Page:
Making our land green again

Myanmar, January 19, 2012

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I’m 19 years old and live in Bokone village, in Myanmar’s Ayeyarwaddy Delta. Together with eight other people from my village, I am part of a community organisation called Sein Pyae Aye Yar. In English, it means Full Green Ayeyarwaddy Delta.

With help from Mercy Corps, we’ve been working since 2010 to help make our land green again, preserving what trees and mangroves we have left and replacing the many that have been cut for firewood.

We’re only a small group, but we’re doing everything we can to help our village. As the trees and mangrove forests around our village disappear, people have been left without shelter from cyclones and storms and are at more risk from floods; at the same time, they have to travel far or pay more for wood to use for cooking and boiling water as supplies become even more scarce.

So like other groups across the Delta, with funds and lots of training from Mercy Corps, we’ve started to make our own special stoves that burn less wood, to grow and plant tree saplings to replace those that have been cut, and to work with the people of our village so we all know more about looking after the environment around us.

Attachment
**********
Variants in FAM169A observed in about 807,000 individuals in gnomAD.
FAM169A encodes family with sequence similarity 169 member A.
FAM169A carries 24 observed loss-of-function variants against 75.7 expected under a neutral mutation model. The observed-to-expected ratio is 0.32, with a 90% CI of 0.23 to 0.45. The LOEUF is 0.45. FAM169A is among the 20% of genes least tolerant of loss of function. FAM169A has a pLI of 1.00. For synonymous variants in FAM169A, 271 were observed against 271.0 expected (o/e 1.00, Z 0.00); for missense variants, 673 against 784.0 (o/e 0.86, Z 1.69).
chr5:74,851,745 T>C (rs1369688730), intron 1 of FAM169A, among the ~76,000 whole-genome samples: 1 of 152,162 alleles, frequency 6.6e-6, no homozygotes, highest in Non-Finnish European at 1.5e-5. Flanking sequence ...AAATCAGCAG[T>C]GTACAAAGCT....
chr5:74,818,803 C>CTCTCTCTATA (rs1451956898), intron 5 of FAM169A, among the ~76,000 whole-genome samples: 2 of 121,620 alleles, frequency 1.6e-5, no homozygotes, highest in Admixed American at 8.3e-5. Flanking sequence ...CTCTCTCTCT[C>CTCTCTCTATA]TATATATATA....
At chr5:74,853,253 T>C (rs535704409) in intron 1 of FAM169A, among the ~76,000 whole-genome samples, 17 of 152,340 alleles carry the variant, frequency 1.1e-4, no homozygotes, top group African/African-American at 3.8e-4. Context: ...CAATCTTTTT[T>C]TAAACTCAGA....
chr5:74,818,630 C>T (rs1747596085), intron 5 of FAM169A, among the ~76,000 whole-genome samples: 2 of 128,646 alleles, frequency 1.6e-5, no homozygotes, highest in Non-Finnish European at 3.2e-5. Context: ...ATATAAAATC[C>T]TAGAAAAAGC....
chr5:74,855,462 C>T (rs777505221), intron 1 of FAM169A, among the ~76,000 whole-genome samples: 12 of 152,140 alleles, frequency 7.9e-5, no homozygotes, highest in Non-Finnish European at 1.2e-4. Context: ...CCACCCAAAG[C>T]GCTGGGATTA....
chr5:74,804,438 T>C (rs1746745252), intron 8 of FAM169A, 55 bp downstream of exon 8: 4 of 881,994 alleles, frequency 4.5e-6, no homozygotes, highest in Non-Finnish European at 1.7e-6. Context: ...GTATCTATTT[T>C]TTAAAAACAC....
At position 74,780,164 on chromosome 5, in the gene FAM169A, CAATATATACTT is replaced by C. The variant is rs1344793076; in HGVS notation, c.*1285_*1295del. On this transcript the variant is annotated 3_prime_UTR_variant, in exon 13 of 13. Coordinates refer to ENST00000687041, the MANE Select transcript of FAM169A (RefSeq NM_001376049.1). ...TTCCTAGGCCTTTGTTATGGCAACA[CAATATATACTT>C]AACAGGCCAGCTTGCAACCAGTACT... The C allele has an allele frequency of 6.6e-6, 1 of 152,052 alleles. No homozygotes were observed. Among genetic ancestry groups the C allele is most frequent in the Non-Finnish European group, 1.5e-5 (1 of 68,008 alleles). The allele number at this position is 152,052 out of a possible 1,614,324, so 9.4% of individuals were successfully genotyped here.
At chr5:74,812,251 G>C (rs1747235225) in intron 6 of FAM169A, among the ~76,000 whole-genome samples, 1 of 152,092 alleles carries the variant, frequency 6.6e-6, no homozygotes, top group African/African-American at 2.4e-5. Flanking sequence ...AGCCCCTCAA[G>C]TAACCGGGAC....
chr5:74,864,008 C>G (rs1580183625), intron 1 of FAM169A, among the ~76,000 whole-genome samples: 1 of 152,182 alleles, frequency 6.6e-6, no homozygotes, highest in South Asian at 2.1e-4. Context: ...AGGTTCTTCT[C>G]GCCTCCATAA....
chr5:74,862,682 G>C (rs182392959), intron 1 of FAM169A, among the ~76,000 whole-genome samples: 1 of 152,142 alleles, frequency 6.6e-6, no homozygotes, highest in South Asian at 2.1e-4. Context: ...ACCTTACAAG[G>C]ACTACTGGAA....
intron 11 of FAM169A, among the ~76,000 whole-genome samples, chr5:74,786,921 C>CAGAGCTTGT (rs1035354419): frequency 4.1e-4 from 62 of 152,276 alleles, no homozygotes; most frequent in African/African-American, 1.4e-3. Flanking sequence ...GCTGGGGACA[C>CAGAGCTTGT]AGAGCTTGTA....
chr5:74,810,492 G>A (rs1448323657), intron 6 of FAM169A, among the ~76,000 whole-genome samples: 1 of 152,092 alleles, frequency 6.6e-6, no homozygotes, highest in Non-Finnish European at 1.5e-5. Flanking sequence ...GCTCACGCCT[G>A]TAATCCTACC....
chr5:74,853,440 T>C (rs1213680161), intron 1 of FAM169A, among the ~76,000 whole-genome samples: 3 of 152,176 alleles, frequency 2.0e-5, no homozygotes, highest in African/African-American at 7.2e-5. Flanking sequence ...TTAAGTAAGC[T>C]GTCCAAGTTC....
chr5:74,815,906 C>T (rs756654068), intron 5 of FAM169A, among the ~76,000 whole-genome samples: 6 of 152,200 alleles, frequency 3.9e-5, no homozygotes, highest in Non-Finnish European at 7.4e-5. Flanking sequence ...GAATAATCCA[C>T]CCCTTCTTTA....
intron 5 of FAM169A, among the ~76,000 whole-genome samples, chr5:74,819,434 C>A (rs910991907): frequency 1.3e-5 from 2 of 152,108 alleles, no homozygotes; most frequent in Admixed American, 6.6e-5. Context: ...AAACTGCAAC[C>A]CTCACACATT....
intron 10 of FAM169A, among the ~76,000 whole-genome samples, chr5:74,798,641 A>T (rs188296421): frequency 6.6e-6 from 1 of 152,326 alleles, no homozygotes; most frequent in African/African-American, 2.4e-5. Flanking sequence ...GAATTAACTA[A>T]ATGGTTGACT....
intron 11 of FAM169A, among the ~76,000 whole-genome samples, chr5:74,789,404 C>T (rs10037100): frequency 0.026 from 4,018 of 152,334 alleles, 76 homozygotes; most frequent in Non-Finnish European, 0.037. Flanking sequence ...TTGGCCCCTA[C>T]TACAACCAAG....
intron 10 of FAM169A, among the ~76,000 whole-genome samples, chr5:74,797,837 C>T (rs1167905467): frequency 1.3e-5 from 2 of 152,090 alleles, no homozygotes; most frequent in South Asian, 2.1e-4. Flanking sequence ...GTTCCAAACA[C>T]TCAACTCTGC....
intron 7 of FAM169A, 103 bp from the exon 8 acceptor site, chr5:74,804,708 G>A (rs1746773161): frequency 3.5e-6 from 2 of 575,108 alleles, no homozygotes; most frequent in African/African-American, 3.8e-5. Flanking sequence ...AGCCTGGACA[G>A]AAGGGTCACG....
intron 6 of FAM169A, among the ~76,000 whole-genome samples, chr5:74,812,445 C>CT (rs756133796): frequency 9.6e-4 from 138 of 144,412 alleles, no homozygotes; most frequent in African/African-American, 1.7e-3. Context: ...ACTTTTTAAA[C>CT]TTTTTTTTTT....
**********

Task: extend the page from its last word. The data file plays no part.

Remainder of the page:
At first, we started by talking to everyone at community meetings. We asked them about what they thought their needs were and collected information about how people get firewood and problems they face trying to do that. Then we started talking to everyone about environmental awareness and global warming, telling them how things like special stoves can use less wood and save everyone money, too.

We also told them about our plans to grow saplings to protect everyone from storms and other problems that arise from lack of trees. Now I’m in charge of the nursery where we grow the saplings. After talking to the community, we decided that eucalyptus was the best to plant as it grows fast and is good at stopping strong winds.

We want everyone to participate in these efforts and be joint owners of the trees so we all look after them together. We decided to ask the village to pay a quarter of the cost of the trees, while our group covers the rest. Without help from Mercy Corps and our community organisation, the village could not afford these trees, but by paying a little of the cost it makes everyone invest and benefit.

We are happy that we can help our community develop. It's important that we have ownership of the whole process and make the decisions that are right for our village. We are beginning to make a real change and have a vision that our organisation will be around to help people for a long time.